Truth is that things are not wonderful. They’re not even great. I’ve mentioned before that I feel a little lost these days. A little unsure. I feel like the shutdown scene in A Space Odyssey when HAL goes “I can feel it…I’m losing my mind…I’m a…fraid.” It’s not that I’m always sad, because I’m not. I’m still (mostly) the same me—the laugh, the sarcasm, the optimism—it’s all still there, but there’s something different at the core. Something is missing. Something aches.
I took the train on Friday morning. I rode up with a friend who was also headed home for the weekend. He slept most of the way while I looked at the scenery and listened to Simon & Garfunkel’s America over and over again. It’s my favorite travel song. Even though he was asleep, I was glad he was there…I didn’t want to have to sit next to a stranger. The comfortable silence of a friend is a thousand times better than the chatter of a stranger. The storm in my head started to fade a little as I watched the trees and towns roll by. It was a tangible escape. I felt a little lighter when I got out in New Jersey. I think it was the first time I was actually happy to be in Newark…
Moe picked me up from the train station in her new car. She was a few minutes late so I sat on a plant holder and lit a cigarette while I waited. A man who was missing several teeth came up to me and asked to bum one. I lit it for him. He gave me a toothless smile and asked me if I was a stewardess. “I don’t think they’re called that anymore,” I thought as I shook my head. “My wife was a stewardess,” he continued. “She was pretty like you. Beautiful eyes. Gone 13 years now…” He walked away before I could respond. I don’t know what I would have said if he’d stayed.
Last night around 11 I went outside for a cigarette. My dad was on the air. My mom was on her computer. I stepped out onto the back porch and leaned against the rail. It was pitch black, save for a few fireflies. I realized I’d forgotten what silence sounds like. Living on Connecticut Avenue, I’ve grown accustomed to the cars rolling by, people shouting on the streets, the loud rattle of the window unit. This was different. This was quiet like I hadn’t experienced in a long time. It was good to only hear myself for a while.
I’ve been contemplating leaving Washington. It’s the first time that I’ve really thought about it seriously. In the past it was always an “I’ll eventually end up in NY” kind of thing. But I’m starting to wonder if I’m done with DC. Most of my friends have left. I’m not exactly in love with my job. And there is just something about NY that I miss. Walking along the water in the City on Saturday afternoon I realized that I’d forgotten how amazing it all is—so much bigger than this city will ever be. The buildings are taller. The streets are wider. It’s just so incredible. It made me wonder why I lived here and not there. I was hit with a nagging sense of dissatisfaction. To be fair, however, when my train rolled back into Washington today, the sight of the Monument reminded me that I love this city too.
In the car this morning, my dad, who knows how I've been feeling, said to me, "If there are things that aren't working you just need to try something else." I know I’m not really ready to make any drastic decisions just yet, but the wheels are definitely starting to turn…I have to make some changes. I just haven't decided which yet...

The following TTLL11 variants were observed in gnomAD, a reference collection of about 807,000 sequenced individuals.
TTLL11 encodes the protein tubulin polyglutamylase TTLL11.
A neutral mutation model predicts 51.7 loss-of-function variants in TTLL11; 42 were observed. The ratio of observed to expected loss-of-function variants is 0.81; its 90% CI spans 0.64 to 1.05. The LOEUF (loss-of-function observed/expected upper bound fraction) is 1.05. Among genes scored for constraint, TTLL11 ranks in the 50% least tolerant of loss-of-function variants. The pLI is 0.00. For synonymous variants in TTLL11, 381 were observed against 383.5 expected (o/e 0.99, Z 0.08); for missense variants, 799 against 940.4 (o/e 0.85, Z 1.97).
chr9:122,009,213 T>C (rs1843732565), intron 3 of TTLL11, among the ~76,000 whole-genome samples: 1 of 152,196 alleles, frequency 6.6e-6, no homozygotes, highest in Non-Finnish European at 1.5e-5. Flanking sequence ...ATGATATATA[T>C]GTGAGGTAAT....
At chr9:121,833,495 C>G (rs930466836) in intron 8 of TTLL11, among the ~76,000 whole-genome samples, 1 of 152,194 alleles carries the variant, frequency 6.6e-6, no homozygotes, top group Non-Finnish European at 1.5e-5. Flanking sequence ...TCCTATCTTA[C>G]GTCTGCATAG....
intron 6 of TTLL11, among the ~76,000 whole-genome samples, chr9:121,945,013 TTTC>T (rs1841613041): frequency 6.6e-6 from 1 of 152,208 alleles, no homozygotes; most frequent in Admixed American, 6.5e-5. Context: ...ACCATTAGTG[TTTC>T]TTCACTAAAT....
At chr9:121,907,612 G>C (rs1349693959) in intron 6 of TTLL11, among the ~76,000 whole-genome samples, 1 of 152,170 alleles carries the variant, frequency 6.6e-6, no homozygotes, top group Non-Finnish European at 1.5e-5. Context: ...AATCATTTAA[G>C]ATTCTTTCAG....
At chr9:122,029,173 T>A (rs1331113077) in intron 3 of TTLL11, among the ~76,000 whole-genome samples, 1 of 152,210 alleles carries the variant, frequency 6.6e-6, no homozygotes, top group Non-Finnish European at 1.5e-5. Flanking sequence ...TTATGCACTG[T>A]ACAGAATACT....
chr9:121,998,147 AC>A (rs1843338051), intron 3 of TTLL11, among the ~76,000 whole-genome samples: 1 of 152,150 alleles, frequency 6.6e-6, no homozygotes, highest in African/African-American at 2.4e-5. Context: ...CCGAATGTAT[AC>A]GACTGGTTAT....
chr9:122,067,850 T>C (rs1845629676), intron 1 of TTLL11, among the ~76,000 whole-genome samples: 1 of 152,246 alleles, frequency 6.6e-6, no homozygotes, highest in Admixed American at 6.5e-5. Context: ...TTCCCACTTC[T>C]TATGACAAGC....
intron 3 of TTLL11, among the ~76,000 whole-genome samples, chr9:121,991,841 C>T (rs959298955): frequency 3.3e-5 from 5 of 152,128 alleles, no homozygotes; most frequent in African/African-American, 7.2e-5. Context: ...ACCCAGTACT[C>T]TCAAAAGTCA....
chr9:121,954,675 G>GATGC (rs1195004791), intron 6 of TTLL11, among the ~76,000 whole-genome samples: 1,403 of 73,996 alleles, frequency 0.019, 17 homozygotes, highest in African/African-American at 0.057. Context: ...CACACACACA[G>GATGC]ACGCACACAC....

26 comments and more than 400 hits since I posted my "Should I find Anais a new home" entry (see below).
The post was featured on dcblogs.com today and someone posted a link to it on Craigslist under the heading "Sad." I'm completely amazed that this entry got so much attention. As I told a friend earlier today, "This better not be my 15 minutes because that would just be so lame..." I don't even think that it was one of my better written posts, but I guess that once animals are involved people get very passionate--I think I'm going to just start dropping random animal references to keep you guys fighting amongst yourselves. (Three-toed sloths--discuss!)
I would like to say a quick thank you to all of you who commented and either expressed your honest opinions (anonymous #1, BFF Matt), made me laugh (Roz, Diligent), or defended me against ad hominem attacks from GW-hating readers* (Ryan, Fiorella). I hope that, regardless of your views on cats, you'll all come back and keep commenting. I'm always happy to get new readers.
And now, because you've all been subjected to all this cat talk for the past four days. Here's a quick dog anecdote from this past weekend in NJ:
The doorbell rings and my mother opens the door. A tiny old woman is standing on our front porch holding a clipboard.
My mom: Yes?
Old Lady: Good afternoon, do you own a dog?
My mom (without missing a beat): No...but I have a husband...
Stay tuned for more Jersey stories...I've got a zillion things to share.
*10 bucks says he/she applied to GW, didn't get in, and now boasts a degree from AU--How's that for GW-bratty for ya? huh?
Thursday, July 06, 2006
I've had Anais for exactly one year this month. I got her last summer in a bit of a whim (caprice is one of my specialties). I was bored and a bit lonely and spent way too much time lurking around Craigslist. I think I saw a movie or something with a cute black cat in it and thought "Oh, I want one!" So get one I did.